The luck of the draw is helping Blessing-Rieman College of Nursing & Health Sciences students be better prepared to care for the youngest patients.

Mark Lotz, program director, Blessing-Rieman Respiratory Care program, won a special ventilator while attending the 2018 American Association for Respiratory Care (AARC) World Congress. 

Lotz was selected as the recipient of a Drager Babylog VN500 neonatal ventilator in a random drawing.  The ventilator is used to help premature babies breath. It is valued at $12,500.

“These ventilators are so expensive that most respiratory care education programs cannot afford to buy them,” said Lotz.

Drager Inc., holds the drawing for a ventilator to be donated to respiratory care programs during the AARC education section meeting so that students can get hands on experience with the equipment. 

The Drager Babylog VN500 is capable of providing the latest modes of ventilation to even the smallest and most critically ill neonate. 

It will allow the Blessing-Rieman’s respiratory care students to practice adjusting settings and trying different breathing modes in order to prepare them to participate in Neo-Natal Intensive Care Unit clinical experiences. 

In addition, nursing students will be able to participate in simulations designed to help them understand and be comfortable with the care necessary for individuals on a ventilator.   

“One of the reasons so many premature babies survive today is because of the development of these ventilators which are used to support respiration until the baby’s lungs are developed enough to allow normal breathing,” said Lotz. “The reason neonatal ventilators are so important is because premature babies have very small lungs that can easily be damaged by pressure of ventilators designed for adults.”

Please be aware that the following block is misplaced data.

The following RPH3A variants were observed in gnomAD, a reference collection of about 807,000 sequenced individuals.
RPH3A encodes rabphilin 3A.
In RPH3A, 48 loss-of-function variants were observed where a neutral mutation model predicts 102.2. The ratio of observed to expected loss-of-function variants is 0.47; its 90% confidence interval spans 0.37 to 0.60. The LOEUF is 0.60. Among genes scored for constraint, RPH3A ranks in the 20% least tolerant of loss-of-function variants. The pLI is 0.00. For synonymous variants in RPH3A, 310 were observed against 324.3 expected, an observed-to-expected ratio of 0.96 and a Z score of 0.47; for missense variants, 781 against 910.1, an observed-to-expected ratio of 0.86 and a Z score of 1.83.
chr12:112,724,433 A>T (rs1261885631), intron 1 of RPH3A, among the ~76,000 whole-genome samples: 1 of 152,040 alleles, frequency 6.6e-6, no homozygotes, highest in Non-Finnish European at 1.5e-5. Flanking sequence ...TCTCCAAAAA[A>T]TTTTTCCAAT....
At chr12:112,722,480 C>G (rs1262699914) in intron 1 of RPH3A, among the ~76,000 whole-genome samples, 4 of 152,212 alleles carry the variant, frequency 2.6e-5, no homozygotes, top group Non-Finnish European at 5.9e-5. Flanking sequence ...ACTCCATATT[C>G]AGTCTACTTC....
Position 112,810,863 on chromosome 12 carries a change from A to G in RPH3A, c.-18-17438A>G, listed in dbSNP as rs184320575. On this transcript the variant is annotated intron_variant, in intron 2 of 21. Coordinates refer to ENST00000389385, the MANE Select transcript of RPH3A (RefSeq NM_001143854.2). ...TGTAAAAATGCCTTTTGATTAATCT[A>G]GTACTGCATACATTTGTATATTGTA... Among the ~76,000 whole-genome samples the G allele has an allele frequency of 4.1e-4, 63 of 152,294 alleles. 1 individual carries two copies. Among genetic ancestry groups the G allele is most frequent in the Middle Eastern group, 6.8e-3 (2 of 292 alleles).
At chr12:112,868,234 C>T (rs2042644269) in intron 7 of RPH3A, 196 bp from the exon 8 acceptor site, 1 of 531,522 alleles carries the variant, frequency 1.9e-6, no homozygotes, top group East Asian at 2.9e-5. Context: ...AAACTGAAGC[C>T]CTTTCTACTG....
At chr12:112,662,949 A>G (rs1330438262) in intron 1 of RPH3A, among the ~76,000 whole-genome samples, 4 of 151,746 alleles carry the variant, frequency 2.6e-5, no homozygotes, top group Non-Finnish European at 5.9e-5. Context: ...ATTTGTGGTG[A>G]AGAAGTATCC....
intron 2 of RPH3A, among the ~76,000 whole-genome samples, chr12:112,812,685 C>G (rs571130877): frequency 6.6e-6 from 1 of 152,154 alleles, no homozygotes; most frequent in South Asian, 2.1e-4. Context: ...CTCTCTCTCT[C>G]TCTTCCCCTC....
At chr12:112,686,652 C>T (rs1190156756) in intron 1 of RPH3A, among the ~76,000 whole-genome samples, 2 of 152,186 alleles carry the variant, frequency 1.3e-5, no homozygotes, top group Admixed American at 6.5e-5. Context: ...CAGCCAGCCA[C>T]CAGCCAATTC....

Having access to the ventilator allows Blessing-Rieman respiratory care students to practice adjusting settings and trying different breathing modes to be prepared to complete their Neonatal Intensive Care Unit rotations at Cardinal Glennon Children’s Hospital in St. Louis and Boone Hospital Center in Columbia.

Respiratory therapists care for patients who have trouble breathing—for example, from a chronic respiratory disease, such as asthma or emphysema. 

Their patients range from premature infants with undeveloped lungs to elderly patients who have diseased lungs. 

They also provide emergency care to patients suffering from heart attacks, drowning, or shock.

Blessing-Rieman College of Nursing and Health Sciences offers an associate of science in respiratory care degree program. 

More information on the program is available by calling the Admissions Office at 1-800-877-9140